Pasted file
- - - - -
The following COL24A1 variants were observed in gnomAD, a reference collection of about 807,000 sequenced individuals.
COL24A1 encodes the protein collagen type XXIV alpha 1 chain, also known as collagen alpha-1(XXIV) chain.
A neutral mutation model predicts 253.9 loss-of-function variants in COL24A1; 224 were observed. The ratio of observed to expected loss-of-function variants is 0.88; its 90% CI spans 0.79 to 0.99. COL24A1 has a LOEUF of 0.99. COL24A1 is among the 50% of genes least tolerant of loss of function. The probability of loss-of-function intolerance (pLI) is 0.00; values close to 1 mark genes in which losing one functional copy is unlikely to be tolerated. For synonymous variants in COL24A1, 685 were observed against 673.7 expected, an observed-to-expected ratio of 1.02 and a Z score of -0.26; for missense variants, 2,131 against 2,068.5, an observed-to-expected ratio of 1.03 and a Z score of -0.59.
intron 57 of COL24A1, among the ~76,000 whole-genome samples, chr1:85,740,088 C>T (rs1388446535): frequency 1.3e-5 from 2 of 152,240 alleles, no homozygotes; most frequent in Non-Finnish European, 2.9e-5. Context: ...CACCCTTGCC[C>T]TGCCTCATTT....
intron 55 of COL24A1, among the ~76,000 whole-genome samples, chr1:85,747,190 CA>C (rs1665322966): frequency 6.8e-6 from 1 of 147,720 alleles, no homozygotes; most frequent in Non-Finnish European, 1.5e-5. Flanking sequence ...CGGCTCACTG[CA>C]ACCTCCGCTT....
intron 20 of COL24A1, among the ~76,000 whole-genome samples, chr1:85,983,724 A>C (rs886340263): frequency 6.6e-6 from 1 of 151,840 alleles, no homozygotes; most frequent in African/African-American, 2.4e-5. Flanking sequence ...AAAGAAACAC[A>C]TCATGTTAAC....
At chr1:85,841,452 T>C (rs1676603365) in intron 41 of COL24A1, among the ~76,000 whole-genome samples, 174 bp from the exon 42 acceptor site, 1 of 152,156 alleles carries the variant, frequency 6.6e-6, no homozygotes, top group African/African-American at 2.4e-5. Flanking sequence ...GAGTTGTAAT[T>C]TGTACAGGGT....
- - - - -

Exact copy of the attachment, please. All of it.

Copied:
The following COL24A1 variants were observed in gnomAD, a reference collection of about 807,000 sequenced individuals.
COL24A1 encodes the protein collagen type XXIV alpha 1 chain, also known as collagen alpha-1(XXIV) chain.
A neutral mutation model predicts 253.9 loss-of-function variants in COL24A1; 224 were observed. The ratio of observed to expected loss-of-function variants is 0.88; its 90% CI spans 0.79 to 0.99. COL24A1 has a LOEUF of 0.99. COL24A1 is among the 50% of genes least tolerant of loss of function. The probability of loss-of-function intolerance (pLI) is 0.00; values close to 1 mark genes in which losing one functional copy is unlikely to be tolerated. For synonymous variants in COL24A1, 685 were observed against 673.7 expected, an observed-to-expected ratio of 1.02 and a Z score of -0.26; for missense variants, 2,131 against 2,068.5, an observed-to-expected ratio of 1.03 and a Z score of -0.59.
intron 57 of COL24A1, among the ~76,000 whole-genome samples, chr1:85,740,088 C>T (rs1388446535): frequency 1.3e-5 from 2 of 152,240 alleles, no homozygotes; most frequent in Non-Finnish European, 2.9e-5. Context: ...CACCCTTGCC[C>T]TGCCTCATTT....
intron 55 of COL24A1, among the ~76,000 whole-genome samples, chr1:85,747,190 CA>C (rs1665322966): frequency 6.8e-6 from 1 of 147,720 alleles, no homozygotes; most frequent in Non-Finnish European, 1.5e-5. Flanking sequence ...CGGCTCACTG[CA>C]ACCTCCGCTT....
intron 20 of COL24A1, among the ~76,000 whole-genome samples, chr1:85,983,724 A>C (rs886340263): frequency 6.6e-6 from 1 of 151,840 alleles, no homozygotes; most frequent in African/African-American, 2.4e-5. Flanking sequence ...AAAGAAACAC[A>C]TCATGTTAAC....
At chr1:85,841,452 T>C (rs1676603365) in intron 41 of COL24A1, among the ~76,000 whole-genome samples, 174 bp from the exon 42 acceptor site, 1 of 152,156 alleles carries the variant, frequency 6.6e-6, no homozygotes, top group African/African-American at 2.4e-5. Flanking sequence ...GAGTTGTAAT[T>C]TGTACAGGGT....